That must seem a stretch but how unlikely is it really that Holly was told by her father, who works at the same hospital as Judy Jones, that there will be a new boy at her school who is going through all the changes of his parents’ divorce and his mother’s relocation? That it would be a very kind thing indeed if, popular as she is, she reached out to him somehow and let him know he has a friend? This seems as likely or even more likely than her just by coincidence meeting her future step-brother the way she seems to do, by happenstance.

Holly’s father is able to suggest it because he has connected the dots between Jack’s grade and the class his daughter’s grade will be visiting regularly, information he would have from Judy on the one hand and from his daughter’s school. If this is the case, Holly’s searching Jack’s classroom for the new boy to be his reading partner and sitting with him later and calling him “my mate Jack” becomes much more credible.  She’s on assignment and naturally enjoys the part of angelic guardian from a higher realm, the Up There of school grades.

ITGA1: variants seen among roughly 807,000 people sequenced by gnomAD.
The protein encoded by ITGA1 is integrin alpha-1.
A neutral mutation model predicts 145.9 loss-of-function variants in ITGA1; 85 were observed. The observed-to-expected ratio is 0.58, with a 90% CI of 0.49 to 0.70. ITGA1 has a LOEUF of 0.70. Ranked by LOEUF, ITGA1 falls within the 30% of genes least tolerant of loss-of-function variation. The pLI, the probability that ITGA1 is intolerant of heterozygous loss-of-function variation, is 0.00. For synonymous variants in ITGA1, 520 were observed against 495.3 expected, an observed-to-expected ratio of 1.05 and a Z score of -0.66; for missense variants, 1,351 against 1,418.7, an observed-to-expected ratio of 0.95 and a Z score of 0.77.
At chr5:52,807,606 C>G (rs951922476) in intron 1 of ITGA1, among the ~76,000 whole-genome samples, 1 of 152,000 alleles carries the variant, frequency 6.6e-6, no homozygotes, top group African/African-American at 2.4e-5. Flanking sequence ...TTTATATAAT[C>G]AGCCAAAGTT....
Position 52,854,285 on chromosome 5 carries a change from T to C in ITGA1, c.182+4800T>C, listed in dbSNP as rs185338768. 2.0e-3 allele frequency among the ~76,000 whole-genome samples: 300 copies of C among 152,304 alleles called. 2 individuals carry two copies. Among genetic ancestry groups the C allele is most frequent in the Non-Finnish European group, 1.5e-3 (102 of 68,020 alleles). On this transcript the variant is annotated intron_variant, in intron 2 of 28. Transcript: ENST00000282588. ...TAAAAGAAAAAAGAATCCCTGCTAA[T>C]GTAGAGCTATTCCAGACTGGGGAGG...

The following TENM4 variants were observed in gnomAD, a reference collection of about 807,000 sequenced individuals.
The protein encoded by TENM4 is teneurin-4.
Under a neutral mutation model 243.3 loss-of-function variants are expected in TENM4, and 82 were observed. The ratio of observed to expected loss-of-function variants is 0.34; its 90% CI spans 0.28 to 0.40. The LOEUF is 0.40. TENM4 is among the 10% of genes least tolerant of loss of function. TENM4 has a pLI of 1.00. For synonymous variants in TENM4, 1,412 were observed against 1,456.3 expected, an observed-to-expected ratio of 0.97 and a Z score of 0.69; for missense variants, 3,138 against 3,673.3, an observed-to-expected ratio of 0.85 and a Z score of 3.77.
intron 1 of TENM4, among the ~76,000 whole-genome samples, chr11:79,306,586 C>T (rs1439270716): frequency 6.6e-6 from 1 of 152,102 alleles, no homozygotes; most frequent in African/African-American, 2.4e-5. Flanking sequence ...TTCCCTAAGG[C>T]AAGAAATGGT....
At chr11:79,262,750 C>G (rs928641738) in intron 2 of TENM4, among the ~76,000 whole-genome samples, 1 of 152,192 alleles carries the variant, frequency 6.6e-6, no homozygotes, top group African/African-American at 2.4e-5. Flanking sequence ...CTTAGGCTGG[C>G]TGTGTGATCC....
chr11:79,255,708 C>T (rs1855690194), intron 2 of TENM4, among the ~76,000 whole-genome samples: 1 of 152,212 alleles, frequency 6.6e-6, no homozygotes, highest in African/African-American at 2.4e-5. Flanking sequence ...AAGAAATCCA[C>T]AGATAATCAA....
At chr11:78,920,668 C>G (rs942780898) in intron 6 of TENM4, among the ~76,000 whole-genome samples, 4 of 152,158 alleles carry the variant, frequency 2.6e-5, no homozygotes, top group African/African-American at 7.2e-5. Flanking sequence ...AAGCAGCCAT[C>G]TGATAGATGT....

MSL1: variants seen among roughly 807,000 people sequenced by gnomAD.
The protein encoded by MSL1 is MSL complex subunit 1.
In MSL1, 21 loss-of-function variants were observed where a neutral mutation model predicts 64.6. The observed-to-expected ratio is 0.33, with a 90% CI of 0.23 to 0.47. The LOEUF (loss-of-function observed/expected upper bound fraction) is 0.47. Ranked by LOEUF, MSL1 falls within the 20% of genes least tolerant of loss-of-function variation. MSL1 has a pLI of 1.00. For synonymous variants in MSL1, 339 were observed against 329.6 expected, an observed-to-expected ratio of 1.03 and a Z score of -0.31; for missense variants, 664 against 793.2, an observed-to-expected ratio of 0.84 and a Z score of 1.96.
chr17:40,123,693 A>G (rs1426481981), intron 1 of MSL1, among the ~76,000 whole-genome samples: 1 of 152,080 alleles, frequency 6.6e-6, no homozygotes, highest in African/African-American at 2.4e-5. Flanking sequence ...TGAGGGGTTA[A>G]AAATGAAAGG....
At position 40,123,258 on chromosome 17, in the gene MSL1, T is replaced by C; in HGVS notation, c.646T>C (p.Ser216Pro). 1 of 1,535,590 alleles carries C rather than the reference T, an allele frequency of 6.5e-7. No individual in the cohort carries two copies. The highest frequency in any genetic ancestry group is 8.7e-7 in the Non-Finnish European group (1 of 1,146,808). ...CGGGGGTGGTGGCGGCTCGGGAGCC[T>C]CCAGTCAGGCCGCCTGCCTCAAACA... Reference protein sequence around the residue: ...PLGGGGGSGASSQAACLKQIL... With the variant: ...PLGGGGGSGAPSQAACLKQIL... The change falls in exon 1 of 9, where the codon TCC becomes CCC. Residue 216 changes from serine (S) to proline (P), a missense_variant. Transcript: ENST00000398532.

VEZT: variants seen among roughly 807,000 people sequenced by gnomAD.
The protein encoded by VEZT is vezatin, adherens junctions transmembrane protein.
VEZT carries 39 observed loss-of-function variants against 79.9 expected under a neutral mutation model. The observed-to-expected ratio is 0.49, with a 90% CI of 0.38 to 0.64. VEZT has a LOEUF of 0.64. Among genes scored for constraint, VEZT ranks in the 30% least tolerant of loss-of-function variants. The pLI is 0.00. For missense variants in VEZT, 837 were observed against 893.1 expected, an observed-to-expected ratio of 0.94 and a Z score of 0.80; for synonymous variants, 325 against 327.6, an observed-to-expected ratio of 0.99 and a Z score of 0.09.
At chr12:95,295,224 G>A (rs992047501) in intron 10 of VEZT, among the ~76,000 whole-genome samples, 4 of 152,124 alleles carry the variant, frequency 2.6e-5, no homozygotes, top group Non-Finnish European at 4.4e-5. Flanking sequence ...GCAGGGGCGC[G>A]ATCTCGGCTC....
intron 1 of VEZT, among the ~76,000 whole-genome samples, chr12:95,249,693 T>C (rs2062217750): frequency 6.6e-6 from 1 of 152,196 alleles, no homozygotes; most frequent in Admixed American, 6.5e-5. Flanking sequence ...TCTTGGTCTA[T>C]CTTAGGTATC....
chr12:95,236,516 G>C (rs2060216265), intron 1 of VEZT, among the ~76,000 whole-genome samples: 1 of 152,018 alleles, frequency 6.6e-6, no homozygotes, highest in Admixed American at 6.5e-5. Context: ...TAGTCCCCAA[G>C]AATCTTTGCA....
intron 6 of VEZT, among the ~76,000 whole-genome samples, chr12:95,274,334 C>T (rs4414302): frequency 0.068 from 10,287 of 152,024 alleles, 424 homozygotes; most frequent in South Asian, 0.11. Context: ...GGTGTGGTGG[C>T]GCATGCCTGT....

It also explains why Holly confides in Jack so openly, painfully, and generously about her agony in the midst of her parents’ separation, the mirror image of Jack’s experience. She unloads on the small boy because she knows he of all her friends will be able to understand and sympathize with her distress having recently gone through the experience himself. Having been DP to Jack on his first day, he is the natural DP for her. The Broken Angel was certain her Blue Bunny buddy would not turn her away.

To the first point of this post, though, why does heroic, generous Holly hate Judy and Jack when they are both so welcoming and kind? This mystery, too, opens up if we know that Holly’s dad knew Judy at work before the break-up with Natalia, her mother, and liked Judy enough to ask for Holly’s help with the Jones boy’s first day at school. The scandal of Peter Rowling’s second marriage was a combination of his new wife’s having left her husband and sons to move in with Peter and, more to the point, the rumors that the couple, who worked together as manager and secretary at a Rolls-Royce factory, had been intimate while Joanne’s mum was dying of MS.